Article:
NaNoWriMo is over. It’s finally over.
November is National Novel-Writing Month, the goal being to write 50,000 words in thirty days. This year I decided to take a shot at it for the first time.
A word to the wise: Try NaNoWriMo for the first time before you have a baby!
Long story short, I did not get as many words written as I’d hoped. But I did actually get more than I’d expected. (Hope for the best, plan for the worst, right?) My final word count on the morning of December 1st was 36,488. Not bad, for a working mom of a nine-month-old. In fact, that’s longer than my first draft of Finding ‘Ohana was after I spent three times as long on it!
Anyway, now that NaNoWriMo has ended, I’ve decided to post the prologue to the novel I’m currently working on. I open at the close. ; )
Sweet agony. The long moments before the fog clears are filled with sweet agony. Sweet with anticipation, agonizing with impatience. I stand, naked and natural as the woods surrounding me, with my family to my left and my right.
Gehra piyo, mere chotu.
Gehra piyo, mere pyare.
We form a Circle. Without beginning, without end. By the light of the Full Moon I see them as clearly as if it were day.
Shashi jaga hai,
Aur main uske prakash tale tumhe garam rakhungi.
I am connected to them, and they to me, and all of us to all those who came before and all who will come after.
I take the goblet of Sapheda Rakta as it is passed to me and drink deep.
Gehra pina, gehra pina.
Together, as one, we Change. Pain. But not painful. It is the pain of a good stretch. We are stretching out of the constraints of who we pretend to be when we are not here. I welcome the pain, knowing it will make me stronger. This is what my body is meant to do. This is my natural state. At my core, I am Santaan Raksha.
We run. My mother, my Biji, turns first and darts into the woods. We follow.
Less than an hour ago, we arrived separately. We parked our cars on pavement, a flat and unnatural rock that suffocates the Earth below it. We walked the path, also paved at first, then dirt, but still a path clearly marked. And finally we followed the unmarked path that the Jhund has taken for generations. It brought us to this clearing. Our meeting place. And now we leave it, not by the path, but by our hearts.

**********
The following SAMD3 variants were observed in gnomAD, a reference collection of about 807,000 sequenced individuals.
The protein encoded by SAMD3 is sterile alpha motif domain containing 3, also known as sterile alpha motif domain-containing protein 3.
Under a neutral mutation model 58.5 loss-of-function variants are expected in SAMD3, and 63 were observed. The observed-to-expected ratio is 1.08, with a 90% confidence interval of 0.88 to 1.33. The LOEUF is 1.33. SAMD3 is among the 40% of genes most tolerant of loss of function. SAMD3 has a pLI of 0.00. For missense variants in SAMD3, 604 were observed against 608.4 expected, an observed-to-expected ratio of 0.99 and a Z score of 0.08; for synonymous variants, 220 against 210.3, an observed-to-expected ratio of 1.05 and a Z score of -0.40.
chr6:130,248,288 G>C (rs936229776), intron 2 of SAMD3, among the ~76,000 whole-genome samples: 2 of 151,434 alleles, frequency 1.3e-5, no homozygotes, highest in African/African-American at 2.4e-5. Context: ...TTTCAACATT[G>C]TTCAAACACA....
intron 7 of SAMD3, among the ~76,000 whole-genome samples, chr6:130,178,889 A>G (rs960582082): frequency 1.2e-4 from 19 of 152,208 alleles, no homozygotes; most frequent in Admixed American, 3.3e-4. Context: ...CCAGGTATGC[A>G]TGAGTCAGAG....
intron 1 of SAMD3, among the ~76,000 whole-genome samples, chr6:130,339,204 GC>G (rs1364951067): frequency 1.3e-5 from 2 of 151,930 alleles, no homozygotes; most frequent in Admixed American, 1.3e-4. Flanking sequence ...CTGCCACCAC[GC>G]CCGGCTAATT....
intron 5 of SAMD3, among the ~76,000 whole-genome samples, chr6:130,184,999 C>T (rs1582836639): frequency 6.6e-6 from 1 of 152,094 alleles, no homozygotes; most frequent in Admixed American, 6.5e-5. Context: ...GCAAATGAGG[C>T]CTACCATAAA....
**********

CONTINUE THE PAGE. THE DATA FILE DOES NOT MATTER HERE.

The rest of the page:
I weave through the trees as though they are not separate from me. I do not have to think. I simply move. My body and mind are one. The Earth gives under my feet, cushioning and clinging. It welcomes me and spurs me on. The wind caresses me, my speed inviting it to dance with me.
This. This is what makes life worth living. This speed. This confidence in my body. This fire and exhilaration that nothing else can bring me. This connection to the woods, the trees and dirt and animals. Connection to my family, both by blood and by something stronger. Connection to myself. I truly know myself here.
This. This is freedom.
For a moment I watch the silver light of the full moon gleaming on Biji’s back. It slides up and down her muscles as she runs. Every now and then it disappears with the thickness of the trees overhead, but it always returns as silvery as ever. It is too beautiful not to watch.
But only for a moment. I can no longer hold back. I push forward, now at the head of the Jhund. None of them can match my speed. The more I push, the more I feel my body become fluid. I am a river finding its way through and around and over the rocks in my way.
I am overflowing. My joy must be released. Without slowing down, I tip my head back and howl my gratitude to Shashi.